The final project for the class is to build a five page web site. The topic: a fictional company from a TV show, movie, or video game. Students are given pretty free reign to choose the company. They need to find a logo and other imagery for the company online, but beyond that, everything in the site needs to be created by the student.
Absolutely all of the code on the site must also be written by the student. Templates or tools that write code for them are not allowed.
Students begin work in the second class of the term by selecting their company. Then, they slowly build their pages as the class progresses, adding code and content to the page as they learn the skills needed in class.
Without a doubt, the biggest hurdle in teaching the class is overcoming students' lack of confidence. They very quickly figure out that HTML is not programming, nor is it hard, but it does take work.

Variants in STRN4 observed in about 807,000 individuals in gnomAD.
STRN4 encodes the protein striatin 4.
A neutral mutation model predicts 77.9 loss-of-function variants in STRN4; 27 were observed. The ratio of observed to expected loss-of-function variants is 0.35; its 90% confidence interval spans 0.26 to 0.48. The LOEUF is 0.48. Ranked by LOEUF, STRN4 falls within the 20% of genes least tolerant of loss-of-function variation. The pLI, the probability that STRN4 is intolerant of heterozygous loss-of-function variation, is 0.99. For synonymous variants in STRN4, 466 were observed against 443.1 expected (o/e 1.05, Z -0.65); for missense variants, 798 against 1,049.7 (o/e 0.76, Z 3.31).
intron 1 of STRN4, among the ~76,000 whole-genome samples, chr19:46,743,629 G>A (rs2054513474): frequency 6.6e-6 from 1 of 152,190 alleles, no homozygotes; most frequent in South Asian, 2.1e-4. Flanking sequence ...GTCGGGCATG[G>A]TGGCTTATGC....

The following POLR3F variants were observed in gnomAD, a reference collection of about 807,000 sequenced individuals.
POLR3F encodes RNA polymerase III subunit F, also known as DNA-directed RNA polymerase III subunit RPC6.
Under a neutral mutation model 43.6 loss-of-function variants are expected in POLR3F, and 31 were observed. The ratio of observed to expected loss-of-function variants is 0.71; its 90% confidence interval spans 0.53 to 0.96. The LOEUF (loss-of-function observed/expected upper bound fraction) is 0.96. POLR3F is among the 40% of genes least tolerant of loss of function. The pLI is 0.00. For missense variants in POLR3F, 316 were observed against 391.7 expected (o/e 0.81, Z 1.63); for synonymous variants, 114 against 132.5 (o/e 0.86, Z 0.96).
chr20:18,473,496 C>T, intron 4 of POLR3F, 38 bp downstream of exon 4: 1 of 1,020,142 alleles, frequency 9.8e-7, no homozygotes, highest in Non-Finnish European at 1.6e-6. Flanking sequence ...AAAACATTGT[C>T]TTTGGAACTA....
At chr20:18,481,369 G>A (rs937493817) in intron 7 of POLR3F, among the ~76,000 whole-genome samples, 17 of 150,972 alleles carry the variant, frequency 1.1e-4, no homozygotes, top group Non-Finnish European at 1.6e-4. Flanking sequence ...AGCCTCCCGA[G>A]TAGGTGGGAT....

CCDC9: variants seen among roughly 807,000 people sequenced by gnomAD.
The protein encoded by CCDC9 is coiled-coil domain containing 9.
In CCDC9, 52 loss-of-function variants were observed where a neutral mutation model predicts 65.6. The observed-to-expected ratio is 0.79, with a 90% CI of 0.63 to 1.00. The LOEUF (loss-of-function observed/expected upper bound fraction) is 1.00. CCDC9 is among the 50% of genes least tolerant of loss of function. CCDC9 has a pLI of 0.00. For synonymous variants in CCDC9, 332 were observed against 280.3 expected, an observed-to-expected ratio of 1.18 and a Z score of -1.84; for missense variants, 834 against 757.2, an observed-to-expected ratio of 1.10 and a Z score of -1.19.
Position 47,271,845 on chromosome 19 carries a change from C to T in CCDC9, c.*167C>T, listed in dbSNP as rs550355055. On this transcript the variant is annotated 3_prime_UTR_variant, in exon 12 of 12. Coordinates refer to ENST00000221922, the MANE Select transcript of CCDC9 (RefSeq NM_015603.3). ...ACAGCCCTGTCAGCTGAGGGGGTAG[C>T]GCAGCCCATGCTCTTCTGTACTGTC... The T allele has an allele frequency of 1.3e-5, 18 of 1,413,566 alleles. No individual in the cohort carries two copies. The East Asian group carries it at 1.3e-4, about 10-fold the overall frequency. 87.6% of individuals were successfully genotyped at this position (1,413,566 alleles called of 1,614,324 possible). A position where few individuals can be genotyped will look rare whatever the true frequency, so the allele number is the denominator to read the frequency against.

However, students struggle early in the class because they want their pages to look great right from the start, but it takes almost half of the term to teach them enough that they can really start designing. And even when they learn the code, designing for the web remains a significant challenge, meaning that students are often frustrated that their sites do not look as good as they think they should.
Design is only a small portion of the grade on the project, as the focus of the class is on developing coding skills, not design. A greater focus on the grading is on the code side, where students need to not only include examples of the tags covered during the course, they must use them correctly in context every time.